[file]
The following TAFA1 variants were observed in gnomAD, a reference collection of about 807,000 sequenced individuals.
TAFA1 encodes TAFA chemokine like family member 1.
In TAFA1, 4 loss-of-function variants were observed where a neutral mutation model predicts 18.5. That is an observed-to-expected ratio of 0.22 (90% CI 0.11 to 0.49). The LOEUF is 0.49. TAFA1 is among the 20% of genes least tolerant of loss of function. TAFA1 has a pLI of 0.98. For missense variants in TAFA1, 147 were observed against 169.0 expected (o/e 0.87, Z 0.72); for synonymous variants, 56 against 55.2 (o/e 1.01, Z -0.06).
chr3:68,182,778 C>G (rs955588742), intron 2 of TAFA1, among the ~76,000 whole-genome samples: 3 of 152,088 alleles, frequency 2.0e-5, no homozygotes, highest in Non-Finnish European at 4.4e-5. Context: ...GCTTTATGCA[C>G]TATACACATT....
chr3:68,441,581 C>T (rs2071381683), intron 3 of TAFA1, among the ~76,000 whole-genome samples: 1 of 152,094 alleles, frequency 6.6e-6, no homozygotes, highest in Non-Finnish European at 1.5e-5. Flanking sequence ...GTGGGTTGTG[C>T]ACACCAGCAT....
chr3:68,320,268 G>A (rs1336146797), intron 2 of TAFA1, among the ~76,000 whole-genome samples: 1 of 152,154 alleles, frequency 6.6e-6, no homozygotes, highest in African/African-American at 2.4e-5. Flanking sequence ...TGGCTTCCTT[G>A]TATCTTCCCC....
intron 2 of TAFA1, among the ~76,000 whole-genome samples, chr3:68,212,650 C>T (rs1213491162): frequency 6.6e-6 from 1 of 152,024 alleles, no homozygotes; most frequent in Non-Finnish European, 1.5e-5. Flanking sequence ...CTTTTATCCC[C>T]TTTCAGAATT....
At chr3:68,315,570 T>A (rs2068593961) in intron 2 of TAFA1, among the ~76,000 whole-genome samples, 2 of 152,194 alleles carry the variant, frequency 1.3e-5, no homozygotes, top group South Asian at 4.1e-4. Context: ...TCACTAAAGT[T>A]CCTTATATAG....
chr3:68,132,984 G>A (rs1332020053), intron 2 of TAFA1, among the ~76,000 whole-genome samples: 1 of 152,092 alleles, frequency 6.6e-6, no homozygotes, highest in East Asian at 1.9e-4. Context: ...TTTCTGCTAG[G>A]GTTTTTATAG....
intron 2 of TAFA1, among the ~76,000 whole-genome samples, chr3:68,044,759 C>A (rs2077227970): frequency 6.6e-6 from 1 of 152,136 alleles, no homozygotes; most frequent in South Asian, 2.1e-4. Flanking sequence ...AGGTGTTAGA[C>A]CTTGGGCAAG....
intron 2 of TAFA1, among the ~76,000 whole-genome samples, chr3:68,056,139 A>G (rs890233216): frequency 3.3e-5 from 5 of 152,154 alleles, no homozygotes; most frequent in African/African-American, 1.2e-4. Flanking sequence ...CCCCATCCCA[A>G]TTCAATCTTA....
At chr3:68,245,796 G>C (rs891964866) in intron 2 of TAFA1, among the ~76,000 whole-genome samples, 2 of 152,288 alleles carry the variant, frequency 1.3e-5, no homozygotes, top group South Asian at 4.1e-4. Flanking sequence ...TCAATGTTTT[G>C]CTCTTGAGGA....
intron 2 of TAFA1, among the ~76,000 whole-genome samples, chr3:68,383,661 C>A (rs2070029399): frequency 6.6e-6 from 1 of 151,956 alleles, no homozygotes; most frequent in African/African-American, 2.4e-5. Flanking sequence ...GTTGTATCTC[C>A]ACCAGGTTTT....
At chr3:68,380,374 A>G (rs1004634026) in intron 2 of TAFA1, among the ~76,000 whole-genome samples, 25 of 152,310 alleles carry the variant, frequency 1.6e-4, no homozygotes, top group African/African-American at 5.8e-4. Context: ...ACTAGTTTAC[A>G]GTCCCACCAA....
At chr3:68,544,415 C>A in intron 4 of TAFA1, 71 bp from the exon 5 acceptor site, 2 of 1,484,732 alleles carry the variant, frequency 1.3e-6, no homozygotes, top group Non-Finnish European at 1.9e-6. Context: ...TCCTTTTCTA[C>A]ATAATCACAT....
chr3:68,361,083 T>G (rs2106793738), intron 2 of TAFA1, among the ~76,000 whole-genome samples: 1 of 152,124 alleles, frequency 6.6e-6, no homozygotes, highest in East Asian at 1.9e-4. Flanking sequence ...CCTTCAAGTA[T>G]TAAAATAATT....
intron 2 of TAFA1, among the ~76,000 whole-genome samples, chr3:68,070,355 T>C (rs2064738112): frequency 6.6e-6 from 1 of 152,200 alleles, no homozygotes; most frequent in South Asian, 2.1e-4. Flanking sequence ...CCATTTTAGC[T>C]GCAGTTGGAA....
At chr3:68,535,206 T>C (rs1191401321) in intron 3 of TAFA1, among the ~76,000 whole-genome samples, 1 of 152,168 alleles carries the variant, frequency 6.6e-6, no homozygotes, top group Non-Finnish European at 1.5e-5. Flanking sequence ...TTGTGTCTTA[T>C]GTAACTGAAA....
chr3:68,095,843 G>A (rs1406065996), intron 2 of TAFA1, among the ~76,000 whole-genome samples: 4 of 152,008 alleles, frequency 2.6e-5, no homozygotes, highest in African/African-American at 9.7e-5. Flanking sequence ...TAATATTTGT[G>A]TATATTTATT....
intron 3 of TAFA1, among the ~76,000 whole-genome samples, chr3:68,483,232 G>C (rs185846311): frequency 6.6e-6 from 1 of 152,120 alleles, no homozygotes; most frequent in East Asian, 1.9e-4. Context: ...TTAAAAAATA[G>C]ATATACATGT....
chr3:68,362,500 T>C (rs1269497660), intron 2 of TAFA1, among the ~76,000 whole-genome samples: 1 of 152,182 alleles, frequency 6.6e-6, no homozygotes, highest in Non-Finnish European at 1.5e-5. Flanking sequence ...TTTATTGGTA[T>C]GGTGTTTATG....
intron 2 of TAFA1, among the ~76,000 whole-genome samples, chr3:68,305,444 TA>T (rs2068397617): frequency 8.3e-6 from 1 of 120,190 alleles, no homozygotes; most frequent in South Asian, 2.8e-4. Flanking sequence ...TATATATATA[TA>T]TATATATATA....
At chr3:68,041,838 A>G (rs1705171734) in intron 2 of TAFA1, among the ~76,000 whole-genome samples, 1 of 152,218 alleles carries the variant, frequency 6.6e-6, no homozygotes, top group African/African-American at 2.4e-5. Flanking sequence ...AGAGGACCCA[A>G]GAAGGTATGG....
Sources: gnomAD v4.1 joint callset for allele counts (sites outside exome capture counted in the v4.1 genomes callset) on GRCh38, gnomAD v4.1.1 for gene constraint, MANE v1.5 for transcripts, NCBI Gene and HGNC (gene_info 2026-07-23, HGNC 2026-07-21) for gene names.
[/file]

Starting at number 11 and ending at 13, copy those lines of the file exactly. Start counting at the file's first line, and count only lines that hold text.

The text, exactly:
intron 2 of TAFA1, among the ~76,000 whole-genome samples, chr3:68,056,139 A>G (rs890233216): frequency 3.3e-5 from 5 of 152,154 alleles, no homozygotes; most frequent in African/African-American, 1.2e-4. Flanking sequence ...CCCCATCCCA[A>G]TTCAATCTTA....
At chr3:68,245,796 G>C (rs891964866) in intron 2 of TAFA1, among the ~76,000 whole-genome samples, 2 of 152,288 alleles carry the variant, frequency 1.3e-5, no homozygotes, top group South Asian at 4.1e-4. Flanking sequence ...TCAATGTTTT[G>C]CTCTTGAGGA....
intron 2 of TAFA1, among the ~76,000 whole-genome samples, chr3:68,383,661 C>A (rs2070029399): frequency 6.6e-6 from 1 of 151,956 alleles, no homozygotes; most frequent in African/African-American, 2.4e-5. Flanking sequence ...GTTGTATCTC[C>A]ACCAGGTTTT....